US House of Congress passes sanctions bill on Captagon trade by Syrian regime

US House of Congress passes sanctions bill on Captagon trade by Syrian regime
The US House of Congress passed a bill that would allow the country to impose new sanctions on the Syrian regime and allies involved in the captagon trade.
2 min read
17 April, 2024
Captagon is estimated to bring in some US$5 billion in revenue for the Assad regime on an annual basis. [Getty]

A bill passed the US House of Congress on Tuesday which would issue new sanctions against individuals and organisations affiliated with the Syrian regime, which produces Captagon, an amphetamine.

The Illicit Captagon Trafficking Suppression Act overwhelmingly passed the House with 410 votes in favour and ten against.

Captagon is an amphetamine which has surged in popularity after the Syrian civil war. It is widely believed that Bashar al-Assad's regime, along with Hezbollah and Iranian-allied militias, are the primary producers and traffickers of the drug in the region.

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The bill, which still needs to pass the Senate, grants the US government further powers to sanction the Syrian regime and others who engage in Captagon trade in the Middle East.

The sponsor of the bill, a Republican Congressman from Arizona French Hill, blamed the Captagon trade on Iran, Hezbollah and the Syrian regime.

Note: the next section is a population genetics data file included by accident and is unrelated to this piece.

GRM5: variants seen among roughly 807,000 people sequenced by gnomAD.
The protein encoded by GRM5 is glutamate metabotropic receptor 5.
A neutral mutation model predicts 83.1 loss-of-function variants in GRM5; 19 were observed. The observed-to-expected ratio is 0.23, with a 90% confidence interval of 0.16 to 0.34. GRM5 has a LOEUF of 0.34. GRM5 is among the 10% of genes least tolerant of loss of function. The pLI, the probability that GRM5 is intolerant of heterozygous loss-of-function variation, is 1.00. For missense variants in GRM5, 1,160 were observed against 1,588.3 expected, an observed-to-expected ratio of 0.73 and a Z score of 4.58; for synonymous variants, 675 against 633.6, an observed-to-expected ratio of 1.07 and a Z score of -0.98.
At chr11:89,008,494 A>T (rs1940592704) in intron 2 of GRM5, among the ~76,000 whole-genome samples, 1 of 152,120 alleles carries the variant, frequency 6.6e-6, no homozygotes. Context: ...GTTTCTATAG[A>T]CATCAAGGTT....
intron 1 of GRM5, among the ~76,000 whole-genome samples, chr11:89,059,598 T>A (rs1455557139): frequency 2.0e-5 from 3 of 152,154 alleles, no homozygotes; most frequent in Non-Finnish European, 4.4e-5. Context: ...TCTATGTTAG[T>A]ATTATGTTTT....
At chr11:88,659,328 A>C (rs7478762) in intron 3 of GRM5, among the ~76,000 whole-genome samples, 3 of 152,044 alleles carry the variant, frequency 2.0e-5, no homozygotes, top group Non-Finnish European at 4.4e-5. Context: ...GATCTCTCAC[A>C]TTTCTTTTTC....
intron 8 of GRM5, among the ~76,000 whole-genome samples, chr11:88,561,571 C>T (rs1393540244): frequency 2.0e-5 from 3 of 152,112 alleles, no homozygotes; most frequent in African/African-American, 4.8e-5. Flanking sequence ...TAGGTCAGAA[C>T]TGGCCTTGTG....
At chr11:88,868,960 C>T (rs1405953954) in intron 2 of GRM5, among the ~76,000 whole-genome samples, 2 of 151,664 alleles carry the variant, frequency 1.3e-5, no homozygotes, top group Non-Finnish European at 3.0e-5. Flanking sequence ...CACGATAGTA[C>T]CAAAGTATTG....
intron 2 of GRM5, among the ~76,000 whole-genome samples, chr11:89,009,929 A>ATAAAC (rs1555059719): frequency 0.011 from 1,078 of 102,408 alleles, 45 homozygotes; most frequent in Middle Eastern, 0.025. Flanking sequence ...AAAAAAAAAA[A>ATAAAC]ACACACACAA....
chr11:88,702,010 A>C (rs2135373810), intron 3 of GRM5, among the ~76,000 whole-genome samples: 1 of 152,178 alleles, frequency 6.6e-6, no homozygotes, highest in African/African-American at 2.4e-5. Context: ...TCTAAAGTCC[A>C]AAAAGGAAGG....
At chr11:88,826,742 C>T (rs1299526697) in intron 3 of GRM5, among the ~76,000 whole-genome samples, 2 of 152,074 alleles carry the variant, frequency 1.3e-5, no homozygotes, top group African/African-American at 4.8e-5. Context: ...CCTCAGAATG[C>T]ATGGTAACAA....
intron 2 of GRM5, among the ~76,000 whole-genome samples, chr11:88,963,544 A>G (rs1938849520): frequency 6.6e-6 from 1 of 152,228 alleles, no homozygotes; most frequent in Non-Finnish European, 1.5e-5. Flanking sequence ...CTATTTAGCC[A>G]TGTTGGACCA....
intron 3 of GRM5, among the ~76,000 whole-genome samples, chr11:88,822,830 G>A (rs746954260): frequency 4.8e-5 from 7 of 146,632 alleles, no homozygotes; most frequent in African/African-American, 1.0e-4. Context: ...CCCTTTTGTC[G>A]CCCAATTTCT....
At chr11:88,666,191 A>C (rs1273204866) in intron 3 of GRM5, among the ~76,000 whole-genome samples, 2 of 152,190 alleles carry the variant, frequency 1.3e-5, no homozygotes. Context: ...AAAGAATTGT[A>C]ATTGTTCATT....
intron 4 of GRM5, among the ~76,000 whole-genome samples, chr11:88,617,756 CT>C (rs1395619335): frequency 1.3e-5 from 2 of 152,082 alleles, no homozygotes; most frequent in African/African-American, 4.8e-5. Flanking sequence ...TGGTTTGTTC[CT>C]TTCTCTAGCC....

"Assad's murderous regime is propped up by his Captagon drug that generates billions in illegal funding and devastates families in the region," Hill said in a statement on Tuesday.

The Captagon trade is estimated to net the Syrian regime around US$5 billion annually. The Syrian regime and Hezbollah have denied all involvement with the drug trade and have claimed to be working to combat it.

Captagon trafficking has emerged as a significant stumbling block between Syria and the rest of the Arab world in the latter's attempts to rehabilitate the Syrian regime's image abroad.

In January, Jordan began carrying out airstrikes against Captagon dealers in southern Syria after repeatedly raising the issue with Syria. Jordanian authorities have said that they are facing a wave of smugglers on its northern border, shared with Syria.

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The Arab Gulf's efforts to normalise relations with the Assad regime have stalled, reportedly in part due to the Captagon trade. The Gulf is the primary destination for Captagon smuggling in the region, and its border authorities have struggled to stem the flow of the narcotic.

Tuesday's bill follows two prior laws that mandate the US government identify the Assad regime and affiliated networks' involvement in the Captagon trade and impose sanctions against them.